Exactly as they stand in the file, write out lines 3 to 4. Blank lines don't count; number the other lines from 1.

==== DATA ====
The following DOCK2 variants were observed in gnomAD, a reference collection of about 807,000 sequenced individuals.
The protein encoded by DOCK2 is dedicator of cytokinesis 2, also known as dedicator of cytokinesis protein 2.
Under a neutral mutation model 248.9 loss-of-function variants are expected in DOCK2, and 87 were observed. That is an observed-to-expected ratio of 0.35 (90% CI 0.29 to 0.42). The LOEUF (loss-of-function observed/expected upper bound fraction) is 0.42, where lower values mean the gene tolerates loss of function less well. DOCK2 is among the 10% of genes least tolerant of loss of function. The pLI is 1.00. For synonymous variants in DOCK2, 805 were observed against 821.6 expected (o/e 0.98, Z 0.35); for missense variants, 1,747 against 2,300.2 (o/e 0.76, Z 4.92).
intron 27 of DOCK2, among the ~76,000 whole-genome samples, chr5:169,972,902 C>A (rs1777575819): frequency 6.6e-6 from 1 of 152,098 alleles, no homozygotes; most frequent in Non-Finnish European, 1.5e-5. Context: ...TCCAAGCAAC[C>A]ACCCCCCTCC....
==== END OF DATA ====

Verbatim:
Under a neutral mutation model 248.9 loss-of-function variants are expected in DOCK2, and 87 were observed. That is an observed-to-expected ratio of 0.35 (90% CI 0.29 to 0.42). The LOEUF (loss-of-function observed/expected upper bound fraction) is 0.42, where lower values mean the gene tolerates loss of function less well. DOCK2 is among the 10% of genes least tolerant of loss of function. The pLI is 1.00. For synonymous variants in DOCK2, 805 were observed against 821.6 expected (o/e 0.98, Z 0.35); for missense variants, 1,747 against 2,300.2 (o/e 0.76, Z 4.92).
intron 27 of DOCK2, among the ~76,000 whole-genome samples, chr5:169,972,902 C>A (rs1777575819): frequency 6.6e-6 from 1 of 152,098 alleles, no homozygotes; most frequent in Non-Finnish European, 1.5e-5. Context: ...TCCAAGCAAC[C>A]ACCCCCCTCC....